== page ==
Timothy J. Stephany is a keen student of mythology in general and Norse mythology(a) in particular. He has also written a book, The Eden Enigma, which explores the background to the biblical story of the Garden of Eden. He has an extensive website that offers a fascinating and well illustrated paper(b) on the remarkable Göbekli Tepe site which includes a number of carved animal that Stephany suggests may be a representation of constellations when they were carved. His site also includes a review(c) of Jim Allen’s theory, which places Atlantis in the Andes, but concludes at the end of a lengthy paper that the evidence is not strong enough. His article on paleoastronomy(d) should be read in conjunction with his comments on Göbekli Tepe.
(a) See Archive 3611
(b) See: Archive 3610
Euhemerus (330-260 BC) was a Greek philosopher and was the best known of the classical writers to rationalise mythology as history and who gave his name to this method of rationalising. Comparable views have also been identified in the writings of a number of early authors including. Xenophanes, Herodotus, Hecataeus of Abdera and Ephorus.
Among his contentions was one that identified Zeus as a king who died on Crete(b). Euhemerism particularly saw the ‘gods’ in Greek mythology as glorified manifestations of early kings and cultural heroes from a distant past. Support for this idea has waxed and waned over the centuries, with fewer followers today. An interesting paper(a) by Professor William Harrison on this subject is worth reading.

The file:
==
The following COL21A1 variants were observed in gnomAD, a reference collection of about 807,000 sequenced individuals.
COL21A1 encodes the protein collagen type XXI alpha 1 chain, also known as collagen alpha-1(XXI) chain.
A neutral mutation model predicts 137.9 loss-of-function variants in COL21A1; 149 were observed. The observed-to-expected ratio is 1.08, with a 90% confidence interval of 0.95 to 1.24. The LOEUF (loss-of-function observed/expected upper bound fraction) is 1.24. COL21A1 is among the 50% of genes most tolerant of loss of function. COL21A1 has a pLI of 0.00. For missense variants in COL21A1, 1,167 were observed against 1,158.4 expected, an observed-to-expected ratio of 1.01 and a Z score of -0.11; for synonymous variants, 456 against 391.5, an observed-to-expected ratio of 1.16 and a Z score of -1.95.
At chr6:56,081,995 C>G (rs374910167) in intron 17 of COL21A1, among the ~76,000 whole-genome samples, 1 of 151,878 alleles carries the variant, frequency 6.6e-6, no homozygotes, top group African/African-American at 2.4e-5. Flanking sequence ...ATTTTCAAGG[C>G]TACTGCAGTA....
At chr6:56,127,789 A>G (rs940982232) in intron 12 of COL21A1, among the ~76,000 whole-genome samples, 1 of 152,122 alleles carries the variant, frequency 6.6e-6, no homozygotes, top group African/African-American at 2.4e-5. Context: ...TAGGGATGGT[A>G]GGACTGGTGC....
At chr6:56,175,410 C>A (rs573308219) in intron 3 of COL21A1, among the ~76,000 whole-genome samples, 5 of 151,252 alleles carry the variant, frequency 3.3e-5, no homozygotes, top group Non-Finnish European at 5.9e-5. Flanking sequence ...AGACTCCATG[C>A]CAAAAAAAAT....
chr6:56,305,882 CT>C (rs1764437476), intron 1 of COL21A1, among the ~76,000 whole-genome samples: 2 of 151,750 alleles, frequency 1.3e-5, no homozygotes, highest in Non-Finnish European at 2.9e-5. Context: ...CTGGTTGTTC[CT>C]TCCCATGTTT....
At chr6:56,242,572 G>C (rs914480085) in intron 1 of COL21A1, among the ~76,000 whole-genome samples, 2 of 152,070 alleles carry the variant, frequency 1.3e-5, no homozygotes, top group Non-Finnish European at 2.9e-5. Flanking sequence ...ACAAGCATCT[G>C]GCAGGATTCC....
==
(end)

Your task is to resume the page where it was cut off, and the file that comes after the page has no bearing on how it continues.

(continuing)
>Another Greek writer about whom very little is known was Palaephatus, although there is evidence that he wrote in Athens in the late 4th century BC and was also famous for rationalising myths(c).<
(b) Zeus Is Dead: Euhemerus and Crete, S. Spyridakis, The Classical Journal, Vol. 63, No. 8, May, 1968, pp. 337-340.
Jelle Zeilinga de Boer is anemeritus professor of geology at Wesleyan University in Middletown, Connecticut and co-author of Volcanoes in Human History [together with fellow geologist Donald Theodore Sanders. Chapter three of their book is entitled ‘The Bronze Age Eruption of Thera: Destroyer of Atlantis and Minoan Crete?’ in which they add their weight to the suggestion that the Theran eruption played a part in the development of the story of Atlantis (p.70).
What is remarkable is that the two geologists were apparently so seduced by the Minoan Hypothesis and in spite of Plato’s clear statement that Atlantis was destroyed by an earthquake they were prepared to contradict him and support instead the idea that a volcanic eruption was responsible. They also link the eruption with the Flood of Deucalion. In 2005 they co-authored a companion book, Earthquakes in Human History.
Some of Zeilinga de Boer’s views coincide with those of William Lauritzen as expressed in his recent book, The Invention of God. Haraldur Sigurdsson the volcanologist, has also suggested that volcanic eruptions, particularly Thera, have influenced the development of Greek myths such as Hesiod’s Theogony and Plato’s Atlantis!